With excellent microbial activity, good sporicidal and bactericidal activity and even better mycobacterial activity than glutaraldehyde, OPA is more stable and has less exposure risk. It is also often more expensive upfront, but it may be more cost-effective because you do not need the same extensive ventilation system you do with glutaraldehyde.
Considered low- and intermediate-level disinfectants, phenolic disinfectants that are registered with the EPA are used to disinfect nonporous surface areas and noncritical items in health care settings. Phenolic disinfectants have been used in hospitals for a long time.
Phenolic disinfectants disrupt the cell membranes of microorganisms and are effective virucides, fungicides, bactericides and tuberculocides. However, these products are not effective against spore-forming bacteria.
Iodophors are iodine complexes combined with a solubilizing carrier or agent. Iodine is well known for its antiseptic properties, and it also has viricidal, fungicidal, bactericidal, tuberculocidal and sporicidal properties.
Iodophors, such as poloxamer-iodine and povidone-iodine, have better microbial action, are more stable and have less exposure risk than iodine solutions on their own. Iodophors are used to clean medical equipment such as thermometers and disinfect blood culture bottles in hospitals.
8. Quaternary Ammonium Compounds
Classified as low-level disinfectants, QACs are widely used for cleaning. QACs display both mycobacteriostatic and sporostatic activity, and they can be effective on bacteria, some fungi and enveloped viruses.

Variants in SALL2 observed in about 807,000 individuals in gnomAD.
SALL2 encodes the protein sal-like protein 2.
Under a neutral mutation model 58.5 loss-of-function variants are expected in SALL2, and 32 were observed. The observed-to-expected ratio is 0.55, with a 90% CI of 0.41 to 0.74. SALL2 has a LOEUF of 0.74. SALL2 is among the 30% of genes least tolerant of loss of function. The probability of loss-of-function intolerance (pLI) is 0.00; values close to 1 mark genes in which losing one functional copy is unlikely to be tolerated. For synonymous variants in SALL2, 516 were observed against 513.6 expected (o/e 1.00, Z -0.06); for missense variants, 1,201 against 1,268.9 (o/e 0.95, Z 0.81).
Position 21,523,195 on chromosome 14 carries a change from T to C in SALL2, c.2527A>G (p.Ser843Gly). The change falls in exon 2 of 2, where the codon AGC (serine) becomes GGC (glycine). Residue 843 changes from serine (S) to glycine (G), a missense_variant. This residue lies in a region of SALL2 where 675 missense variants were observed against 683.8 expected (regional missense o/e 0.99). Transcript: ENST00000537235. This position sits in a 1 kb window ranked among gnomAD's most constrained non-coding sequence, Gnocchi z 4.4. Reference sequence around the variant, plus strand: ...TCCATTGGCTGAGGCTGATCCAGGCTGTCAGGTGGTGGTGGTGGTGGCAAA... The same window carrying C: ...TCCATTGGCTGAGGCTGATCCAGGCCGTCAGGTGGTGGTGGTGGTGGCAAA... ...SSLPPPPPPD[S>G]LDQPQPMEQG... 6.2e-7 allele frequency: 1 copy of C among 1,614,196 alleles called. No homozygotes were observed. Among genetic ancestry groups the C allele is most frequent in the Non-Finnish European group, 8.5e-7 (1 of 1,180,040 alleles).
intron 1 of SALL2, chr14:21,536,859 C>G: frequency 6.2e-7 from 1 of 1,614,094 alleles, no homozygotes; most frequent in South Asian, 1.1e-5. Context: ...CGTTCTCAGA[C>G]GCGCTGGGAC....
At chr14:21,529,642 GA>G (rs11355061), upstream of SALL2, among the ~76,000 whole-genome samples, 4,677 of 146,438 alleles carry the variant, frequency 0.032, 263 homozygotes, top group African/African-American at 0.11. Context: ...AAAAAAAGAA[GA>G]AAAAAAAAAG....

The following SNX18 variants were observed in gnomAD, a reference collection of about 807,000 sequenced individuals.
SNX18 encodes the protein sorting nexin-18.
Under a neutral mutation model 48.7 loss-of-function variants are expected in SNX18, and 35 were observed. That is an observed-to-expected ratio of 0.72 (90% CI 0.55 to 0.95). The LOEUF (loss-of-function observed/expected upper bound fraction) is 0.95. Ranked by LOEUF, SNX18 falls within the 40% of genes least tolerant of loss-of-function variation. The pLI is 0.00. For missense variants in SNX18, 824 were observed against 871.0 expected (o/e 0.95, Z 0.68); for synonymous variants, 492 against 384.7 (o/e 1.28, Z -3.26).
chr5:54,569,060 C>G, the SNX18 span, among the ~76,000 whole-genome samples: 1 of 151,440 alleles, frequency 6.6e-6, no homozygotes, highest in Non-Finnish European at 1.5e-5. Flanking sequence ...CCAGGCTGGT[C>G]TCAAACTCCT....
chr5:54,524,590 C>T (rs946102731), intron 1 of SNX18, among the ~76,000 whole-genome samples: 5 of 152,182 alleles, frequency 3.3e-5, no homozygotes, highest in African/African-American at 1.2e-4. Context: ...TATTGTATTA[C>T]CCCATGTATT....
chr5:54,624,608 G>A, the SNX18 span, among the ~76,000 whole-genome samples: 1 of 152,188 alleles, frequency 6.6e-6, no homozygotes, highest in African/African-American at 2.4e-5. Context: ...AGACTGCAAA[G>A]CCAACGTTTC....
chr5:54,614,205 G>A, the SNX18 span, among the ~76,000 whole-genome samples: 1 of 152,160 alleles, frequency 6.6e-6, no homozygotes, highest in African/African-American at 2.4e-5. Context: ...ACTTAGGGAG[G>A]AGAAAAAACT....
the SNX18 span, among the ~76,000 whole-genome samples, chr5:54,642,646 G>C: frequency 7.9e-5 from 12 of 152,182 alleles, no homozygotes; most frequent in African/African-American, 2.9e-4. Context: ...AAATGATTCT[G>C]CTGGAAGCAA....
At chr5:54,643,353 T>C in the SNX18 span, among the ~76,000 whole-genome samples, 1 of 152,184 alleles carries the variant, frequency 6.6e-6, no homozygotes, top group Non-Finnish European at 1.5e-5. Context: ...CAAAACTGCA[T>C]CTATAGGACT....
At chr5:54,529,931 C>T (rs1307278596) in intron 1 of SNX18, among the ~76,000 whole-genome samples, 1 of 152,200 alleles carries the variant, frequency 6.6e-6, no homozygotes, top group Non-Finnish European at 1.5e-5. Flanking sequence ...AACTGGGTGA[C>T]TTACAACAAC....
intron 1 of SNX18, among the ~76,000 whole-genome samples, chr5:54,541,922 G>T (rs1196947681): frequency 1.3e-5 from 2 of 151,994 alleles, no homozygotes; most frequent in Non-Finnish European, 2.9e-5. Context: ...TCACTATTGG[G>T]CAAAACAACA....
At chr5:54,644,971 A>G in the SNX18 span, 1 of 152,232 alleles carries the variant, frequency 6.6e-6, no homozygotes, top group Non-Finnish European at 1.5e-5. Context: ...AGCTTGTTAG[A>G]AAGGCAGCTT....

These products are used on hard surfaces as a last-line disinfectant in hospital rooms and for disinfecting medical equipment that comes in contact with nonbroken skin, such as blood pressure cuffs.
Factors to Consider When Choosing the Right Disinfectant
In a hospital setting, there will likely be several different types of disinfectants in use, and it is important to pick the right one for each specific job. For the prevention of HAIs, consider the following factors when choosing which disinfectant to use:
Safety: This involves environmental exposure risk to employees and patients.
Surface type: Whether the surface is porous, hard, cloth, metal or plastic will help determine which disinfectant to use.
Surface compatibility: Consider how well the disinfectant works on specific surfaces and materials.
Microbes being targeted: Certain microbes (such as HIV, hepatitis and C. difficile) may require different disinfectants.
Ease of use and cost: Both of these are major factors in choosing the right disinfectant for your hospital.
It is always vital to use products that are specifically designed and approved for the job at hand. Alsco can help with your health care cleaning and disinfectant needs. Reach out today and we can set you up on the right schedule with the right supplies for your hospital.
Disinfectant: Guideline for Disinfection and Sterilization in Healthcare Facilities. Centers for Disease Control and Prevention.
FDA-Cleared Sterilant and High-Level Disinfectants with General Claims for Processing Reusable Medical and Dental Devices. U.S. Food and Drug Administration. (September 2019).